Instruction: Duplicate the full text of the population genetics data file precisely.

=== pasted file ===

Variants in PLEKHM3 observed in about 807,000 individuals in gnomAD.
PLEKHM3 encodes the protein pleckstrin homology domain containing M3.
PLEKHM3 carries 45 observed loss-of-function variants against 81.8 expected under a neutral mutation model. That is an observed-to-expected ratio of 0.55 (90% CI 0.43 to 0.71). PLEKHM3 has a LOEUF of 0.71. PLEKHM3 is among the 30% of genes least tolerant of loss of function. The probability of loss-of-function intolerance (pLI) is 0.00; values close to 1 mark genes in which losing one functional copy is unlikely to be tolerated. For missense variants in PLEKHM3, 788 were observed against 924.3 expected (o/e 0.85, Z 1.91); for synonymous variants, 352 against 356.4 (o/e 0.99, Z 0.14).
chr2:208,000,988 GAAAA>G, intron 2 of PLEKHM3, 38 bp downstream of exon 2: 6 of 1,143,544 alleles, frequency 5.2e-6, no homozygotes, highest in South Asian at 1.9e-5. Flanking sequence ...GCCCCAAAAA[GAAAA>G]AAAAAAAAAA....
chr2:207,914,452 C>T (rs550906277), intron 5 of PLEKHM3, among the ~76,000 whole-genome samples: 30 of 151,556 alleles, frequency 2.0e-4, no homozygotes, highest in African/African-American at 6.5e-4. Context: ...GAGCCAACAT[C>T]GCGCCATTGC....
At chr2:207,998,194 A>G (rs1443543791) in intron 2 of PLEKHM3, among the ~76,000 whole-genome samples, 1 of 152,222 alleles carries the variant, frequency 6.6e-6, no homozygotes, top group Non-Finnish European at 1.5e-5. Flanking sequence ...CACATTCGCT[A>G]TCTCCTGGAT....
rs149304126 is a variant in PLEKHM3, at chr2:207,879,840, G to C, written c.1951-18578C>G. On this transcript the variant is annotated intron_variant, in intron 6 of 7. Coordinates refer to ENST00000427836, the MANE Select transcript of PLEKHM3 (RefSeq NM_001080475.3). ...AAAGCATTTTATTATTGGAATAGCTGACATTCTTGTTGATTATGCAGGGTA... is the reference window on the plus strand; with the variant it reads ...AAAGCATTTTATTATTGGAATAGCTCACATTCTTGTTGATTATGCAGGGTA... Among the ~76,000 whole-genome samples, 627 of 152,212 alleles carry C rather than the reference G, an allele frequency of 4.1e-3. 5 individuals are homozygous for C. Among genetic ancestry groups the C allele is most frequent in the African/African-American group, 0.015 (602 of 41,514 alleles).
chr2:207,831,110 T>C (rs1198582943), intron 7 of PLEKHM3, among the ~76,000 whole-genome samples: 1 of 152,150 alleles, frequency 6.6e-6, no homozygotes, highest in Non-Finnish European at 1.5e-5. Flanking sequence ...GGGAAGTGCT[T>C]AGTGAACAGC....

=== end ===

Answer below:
Variants in PLEKHM3 observed in about 807,000 individuals in gnomAD.
PLEKHM3 encodes the protein pleckstrin homology domain containing M3.
PLEKHM3 carries 45 observed loss-of-function variants against 81.8 expected under a neutral mutation model. That is an observed-to-expected ratio of 0.55 (90% CI 0.43 to 0.71). PLEKHM3 has a LOEUF of 0.71. PLEKHM3 is among the 30% of genes least tolerant of loss of function. The probability of loss-of-function intolerance (pLI) is 0.00; values close to 1 mark genes in which losing one functional copy is unlikely to be tolerated. For missense variants in PLEKHM3, 788 were observed against 924.3 expected (o/e 0.85, Z 1.91); for synonymous variants, 352 against 356.4 (o/e 0.99, Z 0.14).
chr2:208,000,988 GAAAA>G, intron 2 of PLEKHM3, 38 bp downstream of exon 2: 6 of 1,143,544 alleles, frequency 5.2e-6, no homozygotes, highest in South Asian at 1.9e-5. Flanking sequence ...GCCCCAAAAA[GAAAA>G]AAAAAAAAAA....
chr2:207,914,452 C>T (rs550906277), intron 5 of PLEKHM3, among the ~76,000 whole-genome samples: 30 of 151,556 alleles, frequency 2.0e-4, no homozygotes, highest in African/African-American at 6.5e-4. Context: ...GAGCCAACAT[C>T]GCGCCATTGC....
At chr2:207,998,194 A>G (rs1443543791) in intron 2 of PLEKHM3, among the ~76,000 whole-genome samples, 1 of 152,222 alleles carries the variant, frequency 6.6e-6, no homozygotes, top group Non-Finnish European at 1.5e-5. Flanking sequence ...CACATTCGCT[A>G]TCTCCTGGAT....
rs149304126 is a variant in PLEKHM3, at chr2:207,879,840, G to C, written c.1951-18578C>G. On this transcript the variant is annotated intron_variant, in intron 6 of 7. Coordinates refer to ENST00000427836, the MANE Select transcript of PLEKHM3 (RefSeq NM_001080475.3). ...AAAGCATTTTATTATTGGAATAGCTGACATTCTTGTTGATTATGCAGGGTA... is the reference window on the plus strand; with the variant it reads ...AAAGCATTTTATTATTGGAATAGCTCACATTCTTGTTGATTATGCAGGGTA... Among the ~76,000 whole-genome samples, 627 of 152,212 alleles carry C rather than the reference G, an allele frequency of 4.1e-3. 5 individuals are homozygous for C. Among genetic ancestry groups the C allele is most frequent in the African/African-American group, 0.015 (602 of 41,514 alleles).
chr2:207,831,110 T>C (rs1198582943), intron 7 of PLEKHM3, among the ~76,000 whole-genome samples: 1 of 152,150 alleles, frequency 6.6e-6, no homozygotes, highest in Non-Finnish European at 1.5e-5. Flanking sequence ...GGGAAGTGCT[T>C]AGTGAACAGC....